This answer does not mean that I believe that the worker as a person is “worth” whatever hourly wage he or she fetches.  A person’s ethical worth or moral worth or intrinsic worth – or a person’s value to his or her family, friends, and neighbors – is completely different from the market value of whatever it is he or she produces while on the job.  Endless confusion is promoted by the fact that the term “worth” is used, in one setting, to describe traits that are emphatically non-economic and non-market while, in another setting, that term is used to describe the economic or market value of whatever it is that he or she produces as an employee.

Suppose that Mother Teresa, just before the end of her long and very worthy life, decided that she’d like to record some rock songs.  So suppose further that she arranged for a recording studio to record her singing some of her own rock compositions.  Finally suppose – quite realistically – that the general public just didn’t like her recordings as much as they like, say, the Beatles’ recording of “I Want to Hold Your Hand” or Michael Jackson’s recording of “Thriller.”

The amount of money that Mother Teresa would have earned from her rock recordings would be far less than the Fab Four earned from “I Want to Hold Your Hand” and that Michael Jackson raked in from his recording of “Thriller.”

Would anyone conclude from this fact that Mother Teresa, as a human being, is worth less than John, Paul, George, and Ringo?  Or less worthy than is Michael Jackson?  Would anyone suppose that an economist who explained why the Beatles and Jackson earned more from their musical recordings than did Mother Teresa believes, thereby, that Mother Teresa is less intrinsically worthy than are the Beatles and Michael Jackson?  Would anyone think that your, my, and nearly every other human being’s refusal to pay as much for Mother Teresa’s recordings as we pay for recordings by the Beatles, Michael Jackson, and other popular musical acts is a sign that we regard Mother Teresa to be a second-class human being?  Most importantly, would anyone believe that we have a moral obligation to arbitrarily increase the amounts of money we each pay for Mother Teresa’s recordings just because we believe that her non-economic (“intrinsic”) worth as a human being is at least equal to, and likely greater than, that of successful rock musicians?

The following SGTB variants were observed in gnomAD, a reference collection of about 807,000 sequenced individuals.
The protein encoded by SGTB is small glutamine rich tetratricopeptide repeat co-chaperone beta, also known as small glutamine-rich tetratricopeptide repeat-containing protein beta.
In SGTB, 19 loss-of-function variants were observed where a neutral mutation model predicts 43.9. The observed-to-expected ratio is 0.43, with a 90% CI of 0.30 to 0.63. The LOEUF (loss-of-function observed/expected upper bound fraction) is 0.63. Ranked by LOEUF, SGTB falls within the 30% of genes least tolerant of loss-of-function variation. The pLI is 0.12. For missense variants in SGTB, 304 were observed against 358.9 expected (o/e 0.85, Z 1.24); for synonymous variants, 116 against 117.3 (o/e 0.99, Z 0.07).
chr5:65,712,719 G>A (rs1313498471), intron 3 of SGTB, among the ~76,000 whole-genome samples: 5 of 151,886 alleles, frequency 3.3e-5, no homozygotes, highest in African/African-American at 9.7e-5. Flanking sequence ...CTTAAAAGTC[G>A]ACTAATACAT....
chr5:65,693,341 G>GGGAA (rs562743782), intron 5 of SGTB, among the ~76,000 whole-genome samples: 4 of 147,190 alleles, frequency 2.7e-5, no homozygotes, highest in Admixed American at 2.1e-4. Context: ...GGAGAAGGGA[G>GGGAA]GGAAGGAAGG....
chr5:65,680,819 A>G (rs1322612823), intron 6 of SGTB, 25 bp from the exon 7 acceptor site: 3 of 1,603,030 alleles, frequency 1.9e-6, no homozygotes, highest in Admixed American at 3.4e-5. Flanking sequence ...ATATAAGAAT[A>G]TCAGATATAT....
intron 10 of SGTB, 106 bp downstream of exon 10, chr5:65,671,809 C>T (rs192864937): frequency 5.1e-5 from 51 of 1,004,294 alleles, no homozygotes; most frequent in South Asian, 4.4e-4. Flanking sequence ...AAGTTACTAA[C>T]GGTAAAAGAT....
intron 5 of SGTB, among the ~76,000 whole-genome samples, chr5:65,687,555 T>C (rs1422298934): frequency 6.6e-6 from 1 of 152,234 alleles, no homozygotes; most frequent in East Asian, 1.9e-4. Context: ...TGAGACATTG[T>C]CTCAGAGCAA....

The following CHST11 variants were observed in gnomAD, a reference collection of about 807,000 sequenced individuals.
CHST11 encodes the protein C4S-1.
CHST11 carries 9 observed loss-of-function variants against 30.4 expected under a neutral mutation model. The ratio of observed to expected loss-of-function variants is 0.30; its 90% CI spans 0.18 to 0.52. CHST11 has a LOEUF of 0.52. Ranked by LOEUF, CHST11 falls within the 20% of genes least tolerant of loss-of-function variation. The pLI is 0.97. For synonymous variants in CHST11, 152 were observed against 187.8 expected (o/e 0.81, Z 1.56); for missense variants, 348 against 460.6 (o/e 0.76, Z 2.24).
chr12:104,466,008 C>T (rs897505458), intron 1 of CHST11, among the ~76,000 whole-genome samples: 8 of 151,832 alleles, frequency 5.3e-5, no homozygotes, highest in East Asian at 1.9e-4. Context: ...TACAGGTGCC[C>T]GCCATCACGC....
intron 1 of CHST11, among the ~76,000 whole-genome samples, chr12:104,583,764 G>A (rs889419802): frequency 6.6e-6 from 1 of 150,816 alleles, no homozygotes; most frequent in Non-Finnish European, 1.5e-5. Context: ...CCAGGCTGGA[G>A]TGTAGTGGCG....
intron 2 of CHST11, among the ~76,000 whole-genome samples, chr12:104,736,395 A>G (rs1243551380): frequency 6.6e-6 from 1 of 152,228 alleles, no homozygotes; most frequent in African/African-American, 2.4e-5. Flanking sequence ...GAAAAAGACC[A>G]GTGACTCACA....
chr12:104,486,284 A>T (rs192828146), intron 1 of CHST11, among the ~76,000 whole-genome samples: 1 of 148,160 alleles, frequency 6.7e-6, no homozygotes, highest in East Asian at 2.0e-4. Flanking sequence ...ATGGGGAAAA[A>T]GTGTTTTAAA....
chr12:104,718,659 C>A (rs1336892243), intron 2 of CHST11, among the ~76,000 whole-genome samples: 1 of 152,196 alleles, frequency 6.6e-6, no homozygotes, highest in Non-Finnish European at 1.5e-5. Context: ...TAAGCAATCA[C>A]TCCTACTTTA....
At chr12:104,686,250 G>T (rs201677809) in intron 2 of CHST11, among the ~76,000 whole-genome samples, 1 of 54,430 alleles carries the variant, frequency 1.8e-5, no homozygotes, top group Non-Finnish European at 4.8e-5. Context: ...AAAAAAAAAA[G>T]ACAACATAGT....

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My colleague Bryan Caplan identifies a favorite tactic of demagogues.  A slice:

The demagogic connection is straightforward.  The intellectually lazy masses have no patience for thoughtful arguments or big picture surveys of the evidence.  So how are you supposed to persuade them of anything?  Simple.  Cast all epistemic scruples aside.  Wait around for recent events to go your way.  Then loudly claim that these events “show” the very thing you’ve long yearned to make the masses believe.

Richard Rahn reflects on the contributions of

Gary Becker, John Blundell, Leonard Liggio, Gordon Tullock and Henry Manne, all of whom passed away during the last eight months.

And FEE’s Larry Reed – with help from Cato’s Bob Levy – joins in to remember Henry Manne.

On Facebook Peter Lewin adds productively to the point I made in yesterday’s post on Brad DeLong’s argument that the living standards of ordinary Americans have stagnated since 1979: